Change of Use (Commercial or Industrial)

It is always best to assume you need some form of approval until you can prove that you don't.

Start by confirming what zone your property is. You can find this by using the NSW Planning Portal's Spatial Viewer.

Do I need approval?

When changing the use of a premise, the following controls must be considered in order to be exempt from requiring consent from Council:

  • the current use must be an approved, lawful use
  • the new use must not result in a change of building classification under the National Construction Code (NCC)
  • the new use must not be carried out at premises that are a manufactured home, moveable dwelling or associated structure, temporary structure, tent, swimming pool, ship or vessel
  • the new use must not involve building alterations, other than alterations that are exempt development

The State Environmental Planning Policy (Exempt and Complying Development Codes) 2008 (referred to as the 'Codes SEPP') contains additional requirements that must be met to satisfy exempt development criteria:

The NSW Government has more information on exempt development on the NSW Planning Portal.

If the proposal doesn't qualify as exempt development, you may be able to apply through 'complying development' or a 'Development Application' (DA) – see below for more information.

Do I qualify for a complying development certificate?

A complying development certificate can be issued by council or a private certifier without the need for a full development application, providing the application meets very specific criteria.

Complying development cannot be undertaken on all land. To determine if your property meets the land-based requirements you can apply to Council for a Section 10.7 Planning Certificate.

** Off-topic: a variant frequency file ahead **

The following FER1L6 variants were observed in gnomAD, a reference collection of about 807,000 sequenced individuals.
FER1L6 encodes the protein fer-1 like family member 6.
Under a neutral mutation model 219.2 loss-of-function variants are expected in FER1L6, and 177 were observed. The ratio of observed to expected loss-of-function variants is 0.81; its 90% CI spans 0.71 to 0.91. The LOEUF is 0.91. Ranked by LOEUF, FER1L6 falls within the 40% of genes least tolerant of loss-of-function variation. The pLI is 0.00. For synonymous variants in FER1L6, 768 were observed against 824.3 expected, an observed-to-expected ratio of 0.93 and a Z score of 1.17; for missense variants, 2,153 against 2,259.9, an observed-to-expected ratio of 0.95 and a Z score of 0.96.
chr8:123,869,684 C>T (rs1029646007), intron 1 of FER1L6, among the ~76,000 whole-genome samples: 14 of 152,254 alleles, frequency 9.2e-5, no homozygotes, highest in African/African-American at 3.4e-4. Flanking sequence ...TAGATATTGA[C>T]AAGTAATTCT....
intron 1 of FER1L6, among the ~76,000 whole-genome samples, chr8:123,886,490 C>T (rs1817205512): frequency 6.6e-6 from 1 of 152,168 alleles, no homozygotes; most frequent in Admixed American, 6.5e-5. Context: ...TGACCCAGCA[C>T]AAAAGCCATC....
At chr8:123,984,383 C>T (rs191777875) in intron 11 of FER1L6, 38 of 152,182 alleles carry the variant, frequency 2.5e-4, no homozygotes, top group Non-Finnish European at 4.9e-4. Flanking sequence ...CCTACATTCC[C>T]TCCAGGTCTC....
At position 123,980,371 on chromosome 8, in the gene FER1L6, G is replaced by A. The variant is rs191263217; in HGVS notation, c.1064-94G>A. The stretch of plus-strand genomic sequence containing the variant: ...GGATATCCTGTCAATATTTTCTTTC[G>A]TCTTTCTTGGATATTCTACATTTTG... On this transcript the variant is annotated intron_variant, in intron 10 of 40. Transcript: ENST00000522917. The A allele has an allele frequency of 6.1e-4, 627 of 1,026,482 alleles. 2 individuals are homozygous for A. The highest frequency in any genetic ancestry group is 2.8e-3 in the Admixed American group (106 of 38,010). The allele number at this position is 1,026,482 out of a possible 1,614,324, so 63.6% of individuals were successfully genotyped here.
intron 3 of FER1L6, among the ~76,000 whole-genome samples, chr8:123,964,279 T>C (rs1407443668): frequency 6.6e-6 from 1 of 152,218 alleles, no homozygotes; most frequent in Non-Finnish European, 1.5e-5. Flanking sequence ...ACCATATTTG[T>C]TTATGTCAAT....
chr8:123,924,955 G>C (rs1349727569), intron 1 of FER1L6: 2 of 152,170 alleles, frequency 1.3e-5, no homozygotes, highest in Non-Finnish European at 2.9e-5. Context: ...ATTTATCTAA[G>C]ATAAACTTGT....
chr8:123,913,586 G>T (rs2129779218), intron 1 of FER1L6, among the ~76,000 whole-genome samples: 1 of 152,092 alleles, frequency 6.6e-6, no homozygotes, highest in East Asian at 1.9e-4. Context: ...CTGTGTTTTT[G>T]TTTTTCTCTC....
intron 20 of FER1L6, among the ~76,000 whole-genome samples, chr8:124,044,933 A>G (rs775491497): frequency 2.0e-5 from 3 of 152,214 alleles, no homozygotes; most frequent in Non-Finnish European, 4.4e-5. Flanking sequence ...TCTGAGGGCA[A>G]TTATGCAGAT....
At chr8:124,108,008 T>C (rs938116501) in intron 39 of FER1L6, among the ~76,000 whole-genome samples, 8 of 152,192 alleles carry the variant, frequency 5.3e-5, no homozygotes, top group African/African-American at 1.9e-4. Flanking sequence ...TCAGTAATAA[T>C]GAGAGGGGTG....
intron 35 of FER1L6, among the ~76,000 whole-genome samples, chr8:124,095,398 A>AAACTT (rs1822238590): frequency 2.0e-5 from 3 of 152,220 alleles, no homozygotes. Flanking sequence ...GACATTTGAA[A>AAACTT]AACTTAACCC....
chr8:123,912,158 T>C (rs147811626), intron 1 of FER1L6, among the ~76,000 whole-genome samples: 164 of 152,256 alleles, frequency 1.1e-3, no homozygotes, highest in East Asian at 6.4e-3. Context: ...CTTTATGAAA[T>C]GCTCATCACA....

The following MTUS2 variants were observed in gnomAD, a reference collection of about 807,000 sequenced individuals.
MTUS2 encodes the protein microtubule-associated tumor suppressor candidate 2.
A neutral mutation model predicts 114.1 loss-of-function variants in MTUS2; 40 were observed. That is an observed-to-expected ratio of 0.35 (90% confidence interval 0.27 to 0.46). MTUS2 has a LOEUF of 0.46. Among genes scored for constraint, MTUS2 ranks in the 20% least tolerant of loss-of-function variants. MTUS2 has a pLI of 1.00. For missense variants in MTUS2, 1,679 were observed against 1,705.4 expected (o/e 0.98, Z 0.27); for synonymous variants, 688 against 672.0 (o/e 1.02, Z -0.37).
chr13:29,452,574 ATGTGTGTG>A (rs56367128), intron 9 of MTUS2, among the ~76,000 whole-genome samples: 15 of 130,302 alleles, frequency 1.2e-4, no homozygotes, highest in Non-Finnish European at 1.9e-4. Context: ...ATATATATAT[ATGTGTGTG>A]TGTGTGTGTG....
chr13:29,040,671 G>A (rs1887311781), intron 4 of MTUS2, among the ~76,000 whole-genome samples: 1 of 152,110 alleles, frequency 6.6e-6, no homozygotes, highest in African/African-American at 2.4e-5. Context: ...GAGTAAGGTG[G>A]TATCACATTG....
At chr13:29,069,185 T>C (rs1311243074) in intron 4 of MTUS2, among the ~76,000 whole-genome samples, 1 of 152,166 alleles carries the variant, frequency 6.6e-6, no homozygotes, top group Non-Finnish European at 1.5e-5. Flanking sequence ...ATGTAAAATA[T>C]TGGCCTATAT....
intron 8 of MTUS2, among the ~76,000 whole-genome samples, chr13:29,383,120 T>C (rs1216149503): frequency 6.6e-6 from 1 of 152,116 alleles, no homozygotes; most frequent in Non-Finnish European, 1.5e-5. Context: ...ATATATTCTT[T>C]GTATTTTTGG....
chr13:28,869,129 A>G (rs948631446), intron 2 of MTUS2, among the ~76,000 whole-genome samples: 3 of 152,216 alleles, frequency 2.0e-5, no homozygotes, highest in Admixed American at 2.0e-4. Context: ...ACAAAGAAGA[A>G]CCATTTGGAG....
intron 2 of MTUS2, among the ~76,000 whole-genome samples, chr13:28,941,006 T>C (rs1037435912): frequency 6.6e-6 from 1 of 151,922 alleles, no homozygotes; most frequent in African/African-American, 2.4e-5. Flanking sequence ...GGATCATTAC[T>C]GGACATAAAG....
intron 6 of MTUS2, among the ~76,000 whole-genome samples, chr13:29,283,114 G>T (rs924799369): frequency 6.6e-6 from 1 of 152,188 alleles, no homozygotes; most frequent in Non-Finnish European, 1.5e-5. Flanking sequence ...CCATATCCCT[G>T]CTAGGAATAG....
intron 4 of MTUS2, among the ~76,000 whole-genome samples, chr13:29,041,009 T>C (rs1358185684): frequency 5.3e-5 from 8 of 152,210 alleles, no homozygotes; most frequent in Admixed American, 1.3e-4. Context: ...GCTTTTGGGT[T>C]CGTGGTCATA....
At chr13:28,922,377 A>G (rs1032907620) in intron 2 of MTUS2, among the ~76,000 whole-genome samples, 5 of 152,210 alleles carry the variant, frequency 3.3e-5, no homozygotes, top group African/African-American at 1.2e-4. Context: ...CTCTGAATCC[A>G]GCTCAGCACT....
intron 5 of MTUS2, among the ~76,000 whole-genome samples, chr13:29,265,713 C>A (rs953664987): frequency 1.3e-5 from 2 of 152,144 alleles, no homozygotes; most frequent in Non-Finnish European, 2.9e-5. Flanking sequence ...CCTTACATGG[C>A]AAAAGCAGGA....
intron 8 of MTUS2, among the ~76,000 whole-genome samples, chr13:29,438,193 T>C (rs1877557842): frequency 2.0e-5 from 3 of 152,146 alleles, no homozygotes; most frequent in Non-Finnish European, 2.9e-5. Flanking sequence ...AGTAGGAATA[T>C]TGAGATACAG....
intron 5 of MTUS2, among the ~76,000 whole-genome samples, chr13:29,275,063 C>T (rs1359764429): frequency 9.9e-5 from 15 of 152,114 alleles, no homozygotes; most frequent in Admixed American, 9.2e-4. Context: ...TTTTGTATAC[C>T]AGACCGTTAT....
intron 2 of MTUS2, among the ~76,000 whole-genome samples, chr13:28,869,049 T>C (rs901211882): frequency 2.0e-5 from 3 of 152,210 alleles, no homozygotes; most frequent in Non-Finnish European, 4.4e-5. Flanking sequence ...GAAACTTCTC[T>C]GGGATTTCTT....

Complying development rules are set out by Codes SEPP pt 1 div 2 s 1.17 - What development is complying development?.

All complying development must still meet the National Construction Code (NCC) as well as the requirements for adjoining owners’ property rights, the applicable common law and other legislative requirements for approvals, licenses, permits and authorities.

There are general requirements listed under Codes SEPP pt 1 - General that apply to all complying development and in addition, each type of development must also meet certain 'development standards' to be complying.

It is important note that a complying development certificate can only be used to change the use of a site to certain activities as outlined in Codes SEPP pt 5a - Industrial and Business Building Codes.

The NSW Government has more information on complying development on the NSW Planning Portal.

If the proposed development does not meet the above conditions for an exempt or complying development, you will need to seek approval by lodging a Development Application (DA).

I need a DA. What do I do?

The steps below will guide you through the process of applying for a DA.

What documents do I need?

Before you can begin the application process, there are a number of documents you will need to prepare. Some of these documents may take time to obtain or complete, so make sure you plan ahead when preparing to lodge an application.

Click on the title of each document below to learn more about what they involve, and how to prepare each of them for your application.

Please note: These are the minimum required documents for lodgement. Site constraints such as bushfire, flood, coastal erosion, heritage, etc. will require additional documentation to be supplied.

Estimated development cost

Cost estimations forecast the resources and associated costs needed to execute a development. These reports must explain the methodology used to calculate the estimate.

The value of works estimate must include the value of costs such as labour (i.e. specialist tradespeople) as well as the value of materials and fixtures to be used, as opposed to what the developer is paying for them.